In this section you will find general information and advice on currency exchange, as well as recommendations on money transfers abroad and how to use banks and ATMs.
In the Russian Federation, currency can be exchanged in bank institutions both by residents and non-residents, without any restrictions. Money can be exchanged in a typical bank branch or a specialized currency exchange office. As a rule, all currency exchange offices provide conversion of rubles to and from US dollars and Euros. In Moscow, at large bank branches it is also possible to exchange Swiss francs, pounds sterling, Ukrainian hryvnias and other currencies. There are several general rules of exchange:
- You have to present a valid Identity Document (most likely your passport).
- Exchange of an amount equal to or exceeding RUR 600 000 is considered a substantial financial transaction, therefore the bank is obliged to pass on the information about it to the Federal Financial Monitoring Service.
- Keep in mind the customs limits for currency import and export. You have to declare any sum that exceeds the equivalent of USD 10 000 when importing and the equivalent of USD 3 000 when exporting.
- All banks must issue a receipt when you exchange currency. The receipt must contain the information on the commission that you’ve paid as well as the current exchange rate.
- The acceptable exchange rate for US dollars and euros should be within 2% difference from the current rate set by the Central Bank of Russia. Normally, you should not be charged any extra commission for the exchange service.
- Beware of currency exchange offices in the most crowded or touristy places or close to the metro stations. Tourists are their main source of income. This is how the schemes of getting this additional income work:
– the exchange rate indicated on the information board in the street is not the one that is actually offered. For example, it can turn out that the exchange rate shown outside is valid for amounts over USD5000 only, and for smaller amounts the rate will be higher by 10%.
– extra commission is charged for the exchange service.
For this reason we strongly recommend either completing all your currency transaction in the branches of larger well-known banks or carefully checking the terms and ask the cashier to show you the amount that you will receive upon completion of your transaction. It is best to avoid exchange offices where the displayed sell rate and buy rate difference is no greater than 0.5%. Just think logically, how would they earn money then? Surely they do not work for free.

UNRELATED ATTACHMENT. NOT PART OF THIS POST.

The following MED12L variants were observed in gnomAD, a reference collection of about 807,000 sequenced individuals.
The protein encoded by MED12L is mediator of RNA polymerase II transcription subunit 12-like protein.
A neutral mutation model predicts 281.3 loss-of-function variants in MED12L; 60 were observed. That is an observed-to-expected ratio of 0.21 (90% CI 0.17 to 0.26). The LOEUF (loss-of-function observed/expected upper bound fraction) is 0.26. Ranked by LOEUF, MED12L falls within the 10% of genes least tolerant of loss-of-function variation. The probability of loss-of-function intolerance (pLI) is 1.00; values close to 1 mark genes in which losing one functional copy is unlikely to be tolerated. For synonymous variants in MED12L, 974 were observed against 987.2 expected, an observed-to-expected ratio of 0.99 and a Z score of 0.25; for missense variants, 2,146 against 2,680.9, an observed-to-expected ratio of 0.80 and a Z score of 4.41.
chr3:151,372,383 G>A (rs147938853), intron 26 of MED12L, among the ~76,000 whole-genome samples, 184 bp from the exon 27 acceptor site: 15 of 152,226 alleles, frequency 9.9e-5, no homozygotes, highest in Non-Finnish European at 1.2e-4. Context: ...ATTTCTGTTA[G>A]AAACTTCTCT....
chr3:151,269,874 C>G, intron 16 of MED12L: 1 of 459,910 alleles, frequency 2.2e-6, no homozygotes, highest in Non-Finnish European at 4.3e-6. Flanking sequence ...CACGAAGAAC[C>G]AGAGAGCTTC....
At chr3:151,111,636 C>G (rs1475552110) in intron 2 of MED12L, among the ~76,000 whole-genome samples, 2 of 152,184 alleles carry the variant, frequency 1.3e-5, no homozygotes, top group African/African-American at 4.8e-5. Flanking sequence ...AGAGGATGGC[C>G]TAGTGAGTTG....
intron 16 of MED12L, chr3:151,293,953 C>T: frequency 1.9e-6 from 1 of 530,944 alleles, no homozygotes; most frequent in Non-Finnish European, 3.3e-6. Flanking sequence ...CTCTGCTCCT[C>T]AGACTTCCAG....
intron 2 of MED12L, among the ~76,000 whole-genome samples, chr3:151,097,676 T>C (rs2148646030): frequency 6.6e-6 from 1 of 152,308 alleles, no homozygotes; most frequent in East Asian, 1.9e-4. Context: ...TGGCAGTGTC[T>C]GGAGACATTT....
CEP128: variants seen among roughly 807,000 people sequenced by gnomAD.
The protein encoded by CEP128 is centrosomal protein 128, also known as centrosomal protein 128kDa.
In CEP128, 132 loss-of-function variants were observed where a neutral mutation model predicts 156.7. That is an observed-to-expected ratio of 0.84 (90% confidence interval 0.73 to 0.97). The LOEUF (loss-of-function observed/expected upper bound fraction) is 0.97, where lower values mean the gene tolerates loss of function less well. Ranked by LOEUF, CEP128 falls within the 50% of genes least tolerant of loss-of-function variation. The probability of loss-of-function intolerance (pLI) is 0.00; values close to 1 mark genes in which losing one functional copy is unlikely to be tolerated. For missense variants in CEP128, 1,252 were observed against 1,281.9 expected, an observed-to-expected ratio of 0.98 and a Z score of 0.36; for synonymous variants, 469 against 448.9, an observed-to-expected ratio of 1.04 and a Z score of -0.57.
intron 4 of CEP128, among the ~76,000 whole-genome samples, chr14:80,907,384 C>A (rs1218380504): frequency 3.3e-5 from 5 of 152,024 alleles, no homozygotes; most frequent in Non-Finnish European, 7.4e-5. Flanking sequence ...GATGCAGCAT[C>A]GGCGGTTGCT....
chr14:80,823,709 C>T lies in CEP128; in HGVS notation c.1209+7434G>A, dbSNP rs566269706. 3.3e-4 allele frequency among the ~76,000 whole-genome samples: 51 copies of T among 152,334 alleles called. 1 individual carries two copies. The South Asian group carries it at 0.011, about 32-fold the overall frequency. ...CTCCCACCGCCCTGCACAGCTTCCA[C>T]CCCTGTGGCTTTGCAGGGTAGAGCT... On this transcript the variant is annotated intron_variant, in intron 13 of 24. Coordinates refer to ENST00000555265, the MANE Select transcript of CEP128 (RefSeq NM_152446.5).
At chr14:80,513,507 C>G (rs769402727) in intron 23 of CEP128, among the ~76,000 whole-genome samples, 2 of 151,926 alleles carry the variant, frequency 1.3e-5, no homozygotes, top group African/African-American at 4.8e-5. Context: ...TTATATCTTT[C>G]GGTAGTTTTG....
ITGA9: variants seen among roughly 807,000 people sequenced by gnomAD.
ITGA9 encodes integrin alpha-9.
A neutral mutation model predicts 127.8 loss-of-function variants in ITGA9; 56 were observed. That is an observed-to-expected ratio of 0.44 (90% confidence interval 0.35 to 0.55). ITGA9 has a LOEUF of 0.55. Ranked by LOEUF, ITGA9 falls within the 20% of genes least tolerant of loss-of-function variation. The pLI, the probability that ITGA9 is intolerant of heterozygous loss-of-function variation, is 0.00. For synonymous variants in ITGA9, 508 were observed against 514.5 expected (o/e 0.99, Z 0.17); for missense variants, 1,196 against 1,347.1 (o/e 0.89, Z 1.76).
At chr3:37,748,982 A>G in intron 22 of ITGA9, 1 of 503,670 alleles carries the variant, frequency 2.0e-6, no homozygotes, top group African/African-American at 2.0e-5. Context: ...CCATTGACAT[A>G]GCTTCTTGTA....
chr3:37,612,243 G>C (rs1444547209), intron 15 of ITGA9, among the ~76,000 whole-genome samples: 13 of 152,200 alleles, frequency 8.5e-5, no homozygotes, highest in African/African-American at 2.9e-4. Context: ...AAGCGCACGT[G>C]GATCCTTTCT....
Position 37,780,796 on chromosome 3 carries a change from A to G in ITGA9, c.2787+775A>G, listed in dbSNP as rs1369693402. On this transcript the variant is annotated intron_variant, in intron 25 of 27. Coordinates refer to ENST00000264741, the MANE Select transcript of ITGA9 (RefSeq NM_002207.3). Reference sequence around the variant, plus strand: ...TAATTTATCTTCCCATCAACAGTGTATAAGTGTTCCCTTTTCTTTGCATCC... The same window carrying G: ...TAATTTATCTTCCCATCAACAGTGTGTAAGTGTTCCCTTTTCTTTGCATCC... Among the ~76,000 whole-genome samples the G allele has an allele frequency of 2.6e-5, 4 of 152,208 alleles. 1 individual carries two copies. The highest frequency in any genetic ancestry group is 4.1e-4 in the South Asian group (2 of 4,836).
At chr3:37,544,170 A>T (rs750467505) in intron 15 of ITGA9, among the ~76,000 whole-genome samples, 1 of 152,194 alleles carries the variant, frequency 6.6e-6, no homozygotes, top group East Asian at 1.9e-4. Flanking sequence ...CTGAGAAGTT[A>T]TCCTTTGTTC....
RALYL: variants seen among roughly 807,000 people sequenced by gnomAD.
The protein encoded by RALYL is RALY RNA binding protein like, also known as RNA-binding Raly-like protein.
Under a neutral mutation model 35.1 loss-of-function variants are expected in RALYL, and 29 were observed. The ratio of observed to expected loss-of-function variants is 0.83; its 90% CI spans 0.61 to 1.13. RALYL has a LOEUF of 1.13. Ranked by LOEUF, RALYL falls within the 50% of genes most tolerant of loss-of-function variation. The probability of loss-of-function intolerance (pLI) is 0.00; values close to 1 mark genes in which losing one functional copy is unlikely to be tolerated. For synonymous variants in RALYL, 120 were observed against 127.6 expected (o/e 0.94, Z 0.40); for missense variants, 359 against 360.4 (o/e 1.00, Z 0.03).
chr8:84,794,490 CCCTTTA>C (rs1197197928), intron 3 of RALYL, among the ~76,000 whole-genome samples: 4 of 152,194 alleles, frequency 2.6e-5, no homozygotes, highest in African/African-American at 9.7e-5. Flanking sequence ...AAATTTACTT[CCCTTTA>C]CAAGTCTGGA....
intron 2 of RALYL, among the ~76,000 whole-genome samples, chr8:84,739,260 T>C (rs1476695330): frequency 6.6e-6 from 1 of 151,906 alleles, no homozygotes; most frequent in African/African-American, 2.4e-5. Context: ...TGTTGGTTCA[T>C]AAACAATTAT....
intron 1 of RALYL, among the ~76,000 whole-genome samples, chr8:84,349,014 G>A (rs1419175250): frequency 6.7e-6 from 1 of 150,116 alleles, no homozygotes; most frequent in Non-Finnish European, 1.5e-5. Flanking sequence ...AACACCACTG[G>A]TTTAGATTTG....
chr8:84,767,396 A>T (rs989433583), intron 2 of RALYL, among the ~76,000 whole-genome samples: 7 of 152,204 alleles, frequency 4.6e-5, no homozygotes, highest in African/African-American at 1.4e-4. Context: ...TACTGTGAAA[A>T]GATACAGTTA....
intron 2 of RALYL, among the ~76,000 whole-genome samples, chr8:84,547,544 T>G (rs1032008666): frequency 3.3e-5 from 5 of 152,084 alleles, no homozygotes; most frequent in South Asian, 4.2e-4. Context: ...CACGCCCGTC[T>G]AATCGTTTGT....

- Before starting a transaction, tell the cashier that you need a receipt upon completion. A reliable bank will give it to you either way, however a refusal means that something is not right.
- Generally at the airports the, exchange rates are 5-10% higher than the Central Bank of the Russian Federation rate. You will usually get a much better deal in any bank branch in the city.
- Try not to exchange lump sums of money (over USD5000) at once without any real necessity. Do not make it obvious to anybody (be it an exchange office representative, or casual visitors) that you are carrying a large amount of cash.
Even if you are in a beautiful historic area or a tidy park, walking around the huge city takes up a lot of energy. For you to have a rest in the best way, on the pages of our website there is a lot of information about the best restaurants in Moscow or best bars in Moscow etc.
INTERNATIONAL MONEY TRANSFERS
Global providers such as Western Union (www.westernunion.com), Moneygram (www.moneygram.com) are widespread in Russia. In Moscow these two companies have approximately 5000 locations in collaboration with dozens of banks, Russian Post, mobile service stores. You can send in either rubles or dollars if sending it via the bank, and rubles only if you are sending it via non-bank providers. The recipient will be able to pick the money within 15 minutes after the completion of the transaction during working hours of the participating provider worldwide. You will need to fill out a form and usually very little recipient information is required. A valid passport must be presented when sending or receiving the money transfer. For more details about the money-transfer services please visit the provider’s website.